Why do we Somatize?

BY: Neighbors’ Consejo|

Sometimes, people may believe that some ailment is the result of a physical injury or illness, but there are cases where physical symptoms are associated with physiological factors because of a problem or emotional situation that we suffered. This is known as somatization.

To go deeper into this concept, according to GoodTherapy portal, somatization “occurs when psychological concerns are converted into physical symptoms. For example, a person who has just lost a loved one may somaticize their grief through severe fatigue. The prefix “soma” stems from the Greek word for body [1] ”. Then, in a simpler definition: Everyone experiences the mind-body connection all the time [2] .

BC Children’s Hospital affirms that are two types of disorders that describe somatization [3] : First, Somatic Symptom Disorder, when the body experiences symptoms such as headache, nausea, chronic pain, fatigue, abdominal pain. Second, the functional neurological symptom disorder or Conversion Disorder, which presents  neurological symptoms: dizziness or fainting, weakness or paralysis, trouble with speech, memory loss, etc.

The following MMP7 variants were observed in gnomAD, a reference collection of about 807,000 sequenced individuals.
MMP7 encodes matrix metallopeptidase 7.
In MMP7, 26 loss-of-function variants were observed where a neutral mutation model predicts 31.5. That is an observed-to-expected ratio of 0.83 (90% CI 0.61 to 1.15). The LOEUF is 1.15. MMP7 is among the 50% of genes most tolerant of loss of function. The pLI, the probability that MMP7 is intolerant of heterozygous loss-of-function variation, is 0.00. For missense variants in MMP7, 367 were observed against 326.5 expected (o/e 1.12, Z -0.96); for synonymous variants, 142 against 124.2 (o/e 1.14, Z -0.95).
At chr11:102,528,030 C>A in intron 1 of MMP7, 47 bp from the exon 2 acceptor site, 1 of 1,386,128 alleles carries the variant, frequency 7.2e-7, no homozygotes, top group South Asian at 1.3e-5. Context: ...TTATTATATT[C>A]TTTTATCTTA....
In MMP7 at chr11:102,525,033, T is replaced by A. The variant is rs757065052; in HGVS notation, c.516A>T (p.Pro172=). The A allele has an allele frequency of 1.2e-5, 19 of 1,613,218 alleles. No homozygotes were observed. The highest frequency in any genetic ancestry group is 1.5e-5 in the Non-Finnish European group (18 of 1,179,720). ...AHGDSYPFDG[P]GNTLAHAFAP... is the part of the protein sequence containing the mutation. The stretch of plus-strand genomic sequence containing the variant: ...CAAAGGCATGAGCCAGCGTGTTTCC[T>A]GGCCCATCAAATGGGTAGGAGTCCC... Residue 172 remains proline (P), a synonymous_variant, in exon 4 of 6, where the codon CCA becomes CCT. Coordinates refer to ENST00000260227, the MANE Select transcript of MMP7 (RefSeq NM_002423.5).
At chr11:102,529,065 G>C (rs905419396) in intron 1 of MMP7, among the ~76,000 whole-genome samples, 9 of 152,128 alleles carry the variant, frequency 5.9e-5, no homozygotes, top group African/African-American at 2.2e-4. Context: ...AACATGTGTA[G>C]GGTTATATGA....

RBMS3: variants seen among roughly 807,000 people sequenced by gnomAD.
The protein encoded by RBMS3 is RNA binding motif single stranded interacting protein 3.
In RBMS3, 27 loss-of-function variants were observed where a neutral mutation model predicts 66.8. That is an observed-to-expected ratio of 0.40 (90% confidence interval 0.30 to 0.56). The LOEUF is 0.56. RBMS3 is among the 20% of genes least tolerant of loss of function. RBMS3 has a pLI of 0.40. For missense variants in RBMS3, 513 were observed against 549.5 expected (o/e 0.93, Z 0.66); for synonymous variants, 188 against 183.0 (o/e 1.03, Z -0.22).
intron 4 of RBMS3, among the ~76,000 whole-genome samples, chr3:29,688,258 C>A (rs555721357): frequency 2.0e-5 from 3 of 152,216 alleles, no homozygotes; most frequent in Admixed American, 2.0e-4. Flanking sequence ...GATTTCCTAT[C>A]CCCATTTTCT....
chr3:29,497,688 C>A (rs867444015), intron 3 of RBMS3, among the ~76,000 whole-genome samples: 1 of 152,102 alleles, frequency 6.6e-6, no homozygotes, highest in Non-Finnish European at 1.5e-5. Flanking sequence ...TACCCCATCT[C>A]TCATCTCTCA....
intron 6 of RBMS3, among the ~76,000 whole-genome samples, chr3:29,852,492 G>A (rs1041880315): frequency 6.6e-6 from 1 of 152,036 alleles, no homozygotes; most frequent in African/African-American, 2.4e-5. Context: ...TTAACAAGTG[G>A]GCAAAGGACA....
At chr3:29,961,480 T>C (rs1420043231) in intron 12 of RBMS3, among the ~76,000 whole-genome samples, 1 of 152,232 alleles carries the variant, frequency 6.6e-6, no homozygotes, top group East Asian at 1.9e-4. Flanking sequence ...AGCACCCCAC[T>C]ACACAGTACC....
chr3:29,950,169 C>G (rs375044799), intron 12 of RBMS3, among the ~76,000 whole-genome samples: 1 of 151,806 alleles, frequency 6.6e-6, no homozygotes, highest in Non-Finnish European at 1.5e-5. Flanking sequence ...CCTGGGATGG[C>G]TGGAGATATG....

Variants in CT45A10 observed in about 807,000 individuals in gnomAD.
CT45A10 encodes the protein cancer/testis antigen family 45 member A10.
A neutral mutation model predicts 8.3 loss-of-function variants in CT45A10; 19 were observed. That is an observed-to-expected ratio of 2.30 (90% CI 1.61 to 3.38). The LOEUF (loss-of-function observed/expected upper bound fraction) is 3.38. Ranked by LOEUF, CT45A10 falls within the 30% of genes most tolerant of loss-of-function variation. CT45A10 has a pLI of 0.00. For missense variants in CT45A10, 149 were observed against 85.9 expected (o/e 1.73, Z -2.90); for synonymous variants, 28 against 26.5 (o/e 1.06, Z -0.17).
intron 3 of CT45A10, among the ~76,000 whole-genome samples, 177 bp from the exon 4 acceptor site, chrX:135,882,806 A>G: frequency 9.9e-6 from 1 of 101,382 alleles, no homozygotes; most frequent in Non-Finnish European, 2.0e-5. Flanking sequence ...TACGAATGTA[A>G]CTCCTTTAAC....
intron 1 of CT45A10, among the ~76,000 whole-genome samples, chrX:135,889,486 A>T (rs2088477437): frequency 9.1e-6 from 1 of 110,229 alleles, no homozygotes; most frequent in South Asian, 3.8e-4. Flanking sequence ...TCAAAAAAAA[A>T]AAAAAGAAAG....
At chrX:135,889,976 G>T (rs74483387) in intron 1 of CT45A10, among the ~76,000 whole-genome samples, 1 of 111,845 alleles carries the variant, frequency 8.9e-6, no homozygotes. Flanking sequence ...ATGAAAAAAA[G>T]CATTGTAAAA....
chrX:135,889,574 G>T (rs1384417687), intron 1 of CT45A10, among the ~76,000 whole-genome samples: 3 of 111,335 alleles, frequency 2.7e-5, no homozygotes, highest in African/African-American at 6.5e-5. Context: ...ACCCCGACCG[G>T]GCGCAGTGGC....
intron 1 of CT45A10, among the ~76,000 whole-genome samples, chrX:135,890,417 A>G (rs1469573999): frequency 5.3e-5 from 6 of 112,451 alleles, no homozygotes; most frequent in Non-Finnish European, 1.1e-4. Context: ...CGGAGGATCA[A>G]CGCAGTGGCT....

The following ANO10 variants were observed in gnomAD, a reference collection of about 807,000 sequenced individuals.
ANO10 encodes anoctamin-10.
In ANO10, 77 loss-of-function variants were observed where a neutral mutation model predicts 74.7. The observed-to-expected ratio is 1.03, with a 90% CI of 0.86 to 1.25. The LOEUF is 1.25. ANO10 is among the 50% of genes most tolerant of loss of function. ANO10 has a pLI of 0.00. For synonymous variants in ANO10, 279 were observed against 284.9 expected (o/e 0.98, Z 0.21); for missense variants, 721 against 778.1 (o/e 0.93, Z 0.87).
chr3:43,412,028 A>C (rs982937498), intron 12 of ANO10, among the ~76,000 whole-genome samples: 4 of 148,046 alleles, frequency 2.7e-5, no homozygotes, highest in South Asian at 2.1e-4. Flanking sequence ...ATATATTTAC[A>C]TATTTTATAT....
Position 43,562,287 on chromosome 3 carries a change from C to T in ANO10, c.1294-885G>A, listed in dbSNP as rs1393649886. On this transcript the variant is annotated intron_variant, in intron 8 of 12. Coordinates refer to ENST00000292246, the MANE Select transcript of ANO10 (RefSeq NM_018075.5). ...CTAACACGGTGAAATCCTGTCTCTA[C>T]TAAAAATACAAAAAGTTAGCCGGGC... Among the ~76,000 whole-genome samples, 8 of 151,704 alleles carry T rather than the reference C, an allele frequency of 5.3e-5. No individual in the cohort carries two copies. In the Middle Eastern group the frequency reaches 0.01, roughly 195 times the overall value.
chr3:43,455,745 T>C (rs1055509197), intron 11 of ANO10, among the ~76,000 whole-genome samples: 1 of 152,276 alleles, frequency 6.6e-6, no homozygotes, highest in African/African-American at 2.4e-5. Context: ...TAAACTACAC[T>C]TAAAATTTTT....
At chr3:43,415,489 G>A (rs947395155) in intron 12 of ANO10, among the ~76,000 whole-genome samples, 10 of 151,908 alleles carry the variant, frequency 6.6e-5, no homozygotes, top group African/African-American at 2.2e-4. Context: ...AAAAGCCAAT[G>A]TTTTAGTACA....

According to the Mayo Clinic, It is important that you pay attention to the four warning signs: Specific sensations, such as pain or shortness of breath or more general symptoms, such as fatigue or weakness; symptoms unrelated to any medical cause that can be identified, or related to a medical condition such as cancer or heart disease; symptoms more significant than what’s usually expected; and a single symptom, multiple symptoms or varying symptoms that are, mild, moderate or severe.

Although there is no known cure for this disorder, it does have treatment, which must include physical and emotional management. According to WebMD [4] : “Patients who experience SSD may cling to the belief that their symptoms have an underlying physical cause despite a lack of evidence for a physical explanation. Alternatively, if there is a medical condition causing their symptoms, they may not recognize that the amount of distress they are experiencing or displaying is excessive. Patients may also dismiss any suggestion that psychiatric factors are playing a role in their symptoms.”

Finally, it is important to always pay attention to our feelings or emotions, as well as the indications from our body. We can start by identifying what is happening, trying not to avoid what we feel. Express it; ask for help if necessary, have healthy thoughts, habits, and remember to keep a positive attitude.


 [1] https://www.goodtherapy.org/learn-about-therapy/issues/somatization

 [2] https://keltymentalhealth.ca/somatization

 [3 https://keltymentalhealth.ca/somatization

 [4] https://www.webmd.com/mental-health/somatoform-disorders-symptoms-types-treatment

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